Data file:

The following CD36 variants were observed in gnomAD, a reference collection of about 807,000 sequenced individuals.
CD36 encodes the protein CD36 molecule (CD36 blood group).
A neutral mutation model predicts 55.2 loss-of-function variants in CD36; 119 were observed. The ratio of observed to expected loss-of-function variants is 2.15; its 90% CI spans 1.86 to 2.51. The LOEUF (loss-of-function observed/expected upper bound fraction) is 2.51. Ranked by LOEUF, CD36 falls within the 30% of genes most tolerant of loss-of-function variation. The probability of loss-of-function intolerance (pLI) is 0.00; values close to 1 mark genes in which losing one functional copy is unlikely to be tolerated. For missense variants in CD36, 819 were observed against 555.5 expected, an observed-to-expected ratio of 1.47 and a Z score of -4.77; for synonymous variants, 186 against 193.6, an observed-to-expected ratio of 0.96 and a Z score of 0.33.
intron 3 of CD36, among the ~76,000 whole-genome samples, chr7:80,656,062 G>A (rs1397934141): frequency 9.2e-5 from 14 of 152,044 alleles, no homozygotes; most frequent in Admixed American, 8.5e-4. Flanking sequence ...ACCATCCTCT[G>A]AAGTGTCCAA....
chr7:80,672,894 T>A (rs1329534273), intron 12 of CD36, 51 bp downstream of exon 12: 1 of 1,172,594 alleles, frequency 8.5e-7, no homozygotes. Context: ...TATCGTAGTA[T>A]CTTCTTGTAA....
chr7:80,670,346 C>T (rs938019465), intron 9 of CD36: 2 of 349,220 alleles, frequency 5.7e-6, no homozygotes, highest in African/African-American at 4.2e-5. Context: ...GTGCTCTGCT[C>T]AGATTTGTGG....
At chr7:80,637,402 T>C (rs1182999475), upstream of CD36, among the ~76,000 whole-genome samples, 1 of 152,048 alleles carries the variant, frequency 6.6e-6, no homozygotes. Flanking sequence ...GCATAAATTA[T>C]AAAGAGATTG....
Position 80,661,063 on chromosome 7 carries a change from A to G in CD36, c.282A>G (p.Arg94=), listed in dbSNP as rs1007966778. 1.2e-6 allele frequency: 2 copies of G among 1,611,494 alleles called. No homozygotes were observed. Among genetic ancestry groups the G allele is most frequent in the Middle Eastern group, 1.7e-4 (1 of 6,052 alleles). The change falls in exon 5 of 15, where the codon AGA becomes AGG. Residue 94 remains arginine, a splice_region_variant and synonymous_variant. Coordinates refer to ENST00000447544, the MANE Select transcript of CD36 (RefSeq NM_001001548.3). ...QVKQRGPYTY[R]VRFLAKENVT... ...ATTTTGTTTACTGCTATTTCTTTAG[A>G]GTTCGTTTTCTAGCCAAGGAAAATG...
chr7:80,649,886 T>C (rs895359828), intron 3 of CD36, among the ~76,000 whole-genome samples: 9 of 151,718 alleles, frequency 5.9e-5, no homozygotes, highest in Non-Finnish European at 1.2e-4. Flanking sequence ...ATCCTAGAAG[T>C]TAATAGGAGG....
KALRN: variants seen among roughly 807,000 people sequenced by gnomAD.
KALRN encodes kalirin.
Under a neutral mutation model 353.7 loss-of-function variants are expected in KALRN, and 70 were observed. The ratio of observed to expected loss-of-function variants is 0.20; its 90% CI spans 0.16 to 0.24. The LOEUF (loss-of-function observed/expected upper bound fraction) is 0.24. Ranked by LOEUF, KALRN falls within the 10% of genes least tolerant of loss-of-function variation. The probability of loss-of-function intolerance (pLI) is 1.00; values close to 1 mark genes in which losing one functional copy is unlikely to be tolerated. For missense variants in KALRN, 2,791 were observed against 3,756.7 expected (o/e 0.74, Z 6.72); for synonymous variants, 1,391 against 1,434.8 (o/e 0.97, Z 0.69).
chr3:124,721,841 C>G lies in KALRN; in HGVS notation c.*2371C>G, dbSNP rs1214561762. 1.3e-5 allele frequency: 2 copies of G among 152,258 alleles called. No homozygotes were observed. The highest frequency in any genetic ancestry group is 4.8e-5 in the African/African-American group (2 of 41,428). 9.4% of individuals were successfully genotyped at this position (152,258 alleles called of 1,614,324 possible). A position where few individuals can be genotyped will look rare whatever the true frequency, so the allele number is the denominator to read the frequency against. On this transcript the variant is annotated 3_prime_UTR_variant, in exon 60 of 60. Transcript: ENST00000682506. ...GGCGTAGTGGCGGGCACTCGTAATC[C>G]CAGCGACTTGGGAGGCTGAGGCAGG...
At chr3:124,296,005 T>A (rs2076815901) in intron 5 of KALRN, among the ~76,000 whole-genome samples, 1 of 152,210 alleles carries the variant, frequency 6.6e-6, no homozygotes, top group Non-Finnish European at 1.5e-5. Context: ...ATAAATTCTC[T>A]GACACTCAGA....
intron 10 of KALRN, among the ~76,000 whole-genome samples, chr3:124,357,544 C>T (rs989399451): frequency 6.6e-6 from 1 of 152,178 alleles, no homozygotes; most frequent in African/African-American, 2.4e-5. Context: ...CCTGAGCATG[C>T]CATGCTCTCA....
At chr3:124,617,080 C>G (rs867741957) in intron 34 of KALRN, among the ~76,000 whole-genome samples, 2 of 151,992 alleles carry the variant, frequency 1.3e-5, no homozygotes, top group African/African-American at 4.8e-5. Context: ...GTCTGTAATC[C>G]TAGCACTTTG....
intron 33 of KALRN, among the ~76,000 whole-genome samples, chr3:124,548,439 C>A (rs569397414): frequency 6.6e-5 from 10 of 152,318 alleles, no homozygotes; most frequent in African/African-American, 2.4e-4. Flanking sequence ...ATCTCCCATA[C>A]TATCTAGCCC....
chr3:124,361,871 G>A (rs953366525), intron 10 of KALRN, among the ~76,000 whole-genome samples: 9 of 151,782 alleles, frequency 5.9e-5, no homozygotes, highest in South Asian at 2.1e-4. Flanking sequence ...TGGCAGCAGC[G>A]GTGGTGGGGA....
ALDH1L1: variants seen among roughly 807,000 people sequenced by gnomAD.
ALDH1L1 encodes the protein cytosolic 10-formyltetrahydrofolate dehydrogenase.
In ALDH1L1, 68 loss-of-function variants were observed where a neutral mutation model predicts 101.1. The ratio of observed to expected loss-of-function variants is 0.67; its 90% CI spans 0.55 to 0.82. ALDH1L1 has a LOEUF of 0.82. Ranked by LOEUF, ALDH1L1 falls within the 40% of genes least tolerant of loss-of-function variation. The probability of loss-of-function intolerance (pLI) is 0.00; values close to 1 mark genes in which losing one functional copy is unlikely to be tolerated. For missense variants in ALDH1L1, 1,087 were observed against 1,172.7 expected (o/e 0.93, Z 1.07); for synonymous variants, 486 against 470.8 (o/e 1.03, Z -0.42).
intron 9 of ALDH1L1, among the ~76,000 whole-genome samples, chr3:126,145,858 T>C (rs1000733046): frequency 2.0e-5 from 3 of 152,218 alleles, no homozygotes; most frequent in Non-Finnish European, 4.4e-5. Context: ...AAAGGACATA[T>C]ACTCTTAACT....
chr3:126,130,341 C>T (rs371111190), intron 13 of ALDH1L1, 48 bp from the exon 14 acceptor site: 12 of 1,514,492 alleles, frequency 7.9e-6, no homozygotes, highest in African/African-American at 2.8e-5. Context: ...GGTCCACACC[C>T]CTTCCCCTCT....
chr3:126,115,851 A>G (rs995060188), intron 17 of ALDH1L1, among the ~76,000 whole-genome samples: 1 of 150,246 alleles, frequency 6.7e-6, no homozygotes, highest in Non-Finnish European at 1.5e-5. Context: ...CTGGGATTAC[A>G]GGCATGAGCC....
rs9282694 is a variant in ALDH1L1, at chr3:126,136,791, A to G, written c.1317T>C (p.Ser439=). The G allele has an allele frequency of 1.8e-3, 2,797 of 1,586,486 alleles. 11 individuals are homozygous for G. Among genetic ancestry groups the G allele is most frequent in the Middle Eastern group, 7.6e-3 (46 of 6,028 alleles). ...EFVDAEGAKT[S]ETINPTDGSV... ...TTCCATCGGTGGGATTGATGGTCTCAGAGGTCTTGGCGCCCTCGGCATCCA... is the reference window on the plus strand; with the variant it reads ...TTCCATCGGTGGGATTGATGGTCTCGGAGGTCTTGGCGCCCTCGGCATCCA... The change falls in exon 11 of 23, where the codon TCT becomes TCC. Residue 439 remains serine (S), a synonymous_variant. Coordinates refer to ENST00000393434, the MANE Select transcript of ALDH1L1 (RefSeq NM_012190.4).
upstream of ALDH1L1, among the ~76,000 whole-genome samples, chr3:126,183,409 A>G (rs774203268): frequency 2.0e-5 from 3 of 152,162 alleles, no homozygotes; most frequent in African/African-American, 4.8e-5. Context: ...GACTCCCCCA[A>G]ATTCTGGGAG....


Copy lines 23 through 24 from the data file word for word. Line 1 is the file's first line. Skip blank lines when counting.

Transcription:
chr3:126,130,341 C>T (rs371111190), intron 13 of ALDH1L1, 48 bp from the exon 14 acceptor site: 12 of 1,514,492 alleles, frequency 7.9e-6, no homozygotes, highest in African/African-American at 2.8e-5. Context: ...GGTCCACACC[C>T]CTTCCCCTCT....
chr3:126,115,851 A>G (rs995060188), intron 17 of ALDH1L1, among the ~76,000 whole-genome samples: 1 of 150,246 alleles, frequency 6.7e-6, no homozygotes, highest in Non-Finnish European at 1.5e-5. Context: ...CTGGGATTAC[A>G]GGCATGAGCC....